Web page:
Towards a common terminology: a simplified framework of interventions to promote and integrate evidence into health practices, systems, and policies
1 Clinical Epidemiology Program, Ottawa Hospital Research Institute. Ottawa Hospital – General Campus, 501 Smyth Road, C.P. 711, K1H 8 L6 Ottawa, ON, Canada
2 School of Nursing, University of North Carolina at Chapel Hill, Chapel Hill, NC, USA
3 Research Department of Clinical, Educational, and Health Psychology, University College London, 1-19 Torrington Place, WC1E 7HB, London, UK
4 Department of Clinical Epidemiology and Biostatistics, Health Information Research Unit, McMaster University, CRL Building, 1280 Main Street West, L8S 4 K1, Hamilton, ON, Canada
5 National Trauma Research Institute, Monash University and The Alfred Hospital, Level 4, 89 Commercial Road, 3004 Melbourne, VIC, Australia
6 RAND Corporation, 1776 Main Street, m4339, Santa Monica 90407, CA, USA
7 Methology & Statistics of the Faculty of Psychology, Open University of the Netherlands, P.O. box 2960, 6401 DL Heerlen, The Netherlands
8 Academic Center for Evidence-Based Practice, University of Texas Health Science Center, San Antonio, 7703 Floyd Curl Drive, 78229-3900 San Antonio, TX, USA
9 Department of Clinical Epidemiology and Biostatistics, and The McMaster Health Forum, Centre for Health Economics and Policy Analysis, McMaster University, CRL 223, 1280 Main Street West, L8S 4 K1, Hamilton, ON, Canada
10 Department of Medicine, University of Ottawa, Ottawa Hospital – General Campus, 501 Smyth Road, C.P. 711, K1H 8 L6 Ottawa, ON, Canada
Implementation Science 2014, 9:51 doi:10.1186/1748-5908-9-51Published: 1 May 2014
A wide range of diverse and inconsistent terminology exists in the field of knowledge translation. This limits the conduct of evidence syntheses, impedes communication and collaboration, and undermines knowledge translation of research findings in diverse settings. Improving uniformity of terminology could help address these challenges. In 2012, we convened an international working group to explore the idea of developing a common terminology and an overarching framework for knowledge translation interventions.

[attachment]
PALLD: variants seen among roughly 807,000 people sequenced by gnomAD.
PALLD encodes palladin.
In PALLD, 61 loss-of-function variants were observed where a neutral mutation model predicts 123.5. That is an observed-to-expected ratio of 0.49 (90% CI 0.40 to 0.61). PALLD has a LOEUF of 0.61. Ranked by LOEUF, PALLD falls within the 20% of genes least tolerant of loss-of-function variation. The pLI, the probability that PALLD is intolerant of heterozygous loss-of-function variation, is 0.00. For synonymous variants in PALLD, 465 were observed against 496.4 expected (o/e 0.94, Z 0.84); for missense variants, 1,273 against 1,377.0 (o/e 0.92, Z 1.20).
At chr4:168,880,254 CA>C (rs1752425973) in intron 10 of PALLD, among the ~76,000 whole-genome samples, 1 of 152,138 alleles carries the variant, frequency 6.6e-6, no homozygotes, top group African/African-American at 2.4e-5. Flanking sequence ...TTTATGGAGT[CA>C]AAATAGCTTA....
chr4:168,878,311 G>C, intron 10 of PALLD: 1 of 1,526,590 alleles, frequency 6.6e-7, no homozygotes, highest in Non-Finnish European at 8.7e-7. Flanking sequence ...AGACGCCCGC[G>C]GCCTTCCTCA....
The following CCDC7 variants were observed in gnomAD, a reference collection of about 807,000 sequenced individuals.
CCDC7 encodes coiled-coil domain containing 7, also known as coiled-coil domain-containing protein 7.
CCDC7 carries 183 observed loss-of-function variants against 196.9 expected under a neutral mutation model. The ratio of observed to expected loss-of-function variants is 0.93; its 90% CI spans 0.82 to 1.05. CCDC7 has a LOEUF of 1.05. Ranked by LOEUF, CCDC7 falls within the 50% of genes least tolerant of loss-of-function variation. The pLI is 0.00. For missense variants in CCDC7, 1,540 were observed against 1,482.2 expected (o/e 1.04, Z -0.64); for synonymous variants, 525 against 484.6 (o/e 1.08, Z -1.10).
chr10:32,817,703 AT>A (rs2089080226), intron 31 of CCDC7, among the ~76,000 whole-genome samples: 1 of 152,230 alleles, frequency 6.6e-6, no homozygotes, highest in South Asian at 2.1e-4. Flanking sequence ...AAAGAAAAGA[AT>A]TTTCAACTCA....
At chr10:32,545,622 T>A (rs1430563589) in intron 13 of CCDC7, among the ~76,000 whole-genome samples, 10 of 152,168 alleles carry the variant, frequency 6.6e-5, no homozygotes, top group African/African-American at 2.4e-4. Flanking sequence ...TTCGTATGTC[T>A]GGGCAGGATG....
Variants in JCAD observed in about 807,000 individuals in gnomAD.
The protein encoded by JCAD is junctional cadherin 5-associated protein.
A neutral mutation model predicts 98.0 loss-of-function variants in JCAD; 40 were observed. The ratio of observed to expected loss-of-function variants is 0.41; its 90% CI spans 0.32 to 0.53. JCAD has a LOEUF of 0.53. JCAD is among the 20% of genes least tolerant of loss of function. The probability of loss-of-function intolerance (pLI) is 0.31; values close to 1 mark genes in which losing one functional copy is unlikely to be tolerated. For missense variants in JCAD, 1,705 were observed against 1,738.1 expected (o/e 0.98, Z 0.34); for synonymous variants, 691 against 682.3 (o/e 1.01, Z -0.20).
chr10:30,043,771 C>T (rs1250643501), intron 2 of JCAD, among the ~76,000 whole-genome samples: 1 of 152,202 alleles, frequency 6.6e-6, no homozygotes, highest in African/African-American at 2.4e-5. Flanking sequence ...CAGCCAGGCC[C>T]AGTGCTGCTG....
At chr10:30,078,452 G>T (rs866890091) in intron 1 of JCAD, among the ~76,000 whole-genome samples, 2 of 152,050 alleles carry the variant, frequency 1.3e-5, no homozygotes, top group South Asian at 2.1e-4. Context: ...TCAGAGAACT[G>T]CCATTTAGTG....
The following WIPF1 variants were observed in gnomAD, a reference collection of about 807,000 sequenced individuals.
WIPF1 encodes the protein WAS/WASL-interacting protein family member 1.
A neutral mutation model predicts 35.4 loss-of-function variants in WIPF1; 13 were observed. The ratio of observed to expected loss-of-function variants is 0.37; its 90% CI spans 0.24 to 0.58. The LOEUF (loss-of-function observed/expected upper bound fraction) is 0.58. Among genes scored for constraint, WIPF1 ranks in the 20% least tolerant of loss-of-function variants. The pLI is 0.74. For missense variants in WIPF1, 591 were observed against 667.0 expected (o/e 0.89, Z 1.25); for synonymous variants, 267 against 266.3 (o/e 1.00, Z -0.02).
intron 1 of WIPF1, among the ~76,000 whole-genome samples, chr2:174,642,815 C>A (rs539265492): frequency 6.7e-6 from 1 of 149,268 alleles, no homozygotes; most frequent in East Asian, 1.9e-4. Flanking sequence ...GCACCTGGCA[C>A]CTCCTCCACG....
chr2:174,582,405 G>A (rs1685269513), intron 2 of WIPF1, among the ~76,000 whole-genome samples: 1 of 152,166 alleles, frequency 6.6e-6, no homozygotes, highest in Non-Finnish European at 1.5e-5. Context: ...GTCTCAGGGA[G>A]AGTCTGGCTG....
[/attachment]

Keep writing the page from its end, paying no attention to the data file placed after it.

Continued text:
Methods included identifying and summarizing existing frameworks, mapping together a subset of those frameworks, and convening a multi-disciplinary group to begin working toward consensus. The group considered four potential approaches to creating a simplified framework: melding existing taxonomies, creating a framework of intervention mechanisms rather than intervention strategies, using a consensus process to expand one of the existing models/frameworks used by the group, or developing a new consensus framework.
The work group elected to draft a new, simplified consensus framework of interventions to promote and integrate evidence into health practices, systems and policies. The framework will include four key components: strategies and techniques (active ingredients), how they function (causal mechanisms), how they are delivered (mode of delivery), and what they aim to change (intended targets). The draft framework needs to be further developed by feedback and consultation with the research community and tested for usefulness through application and evaluation.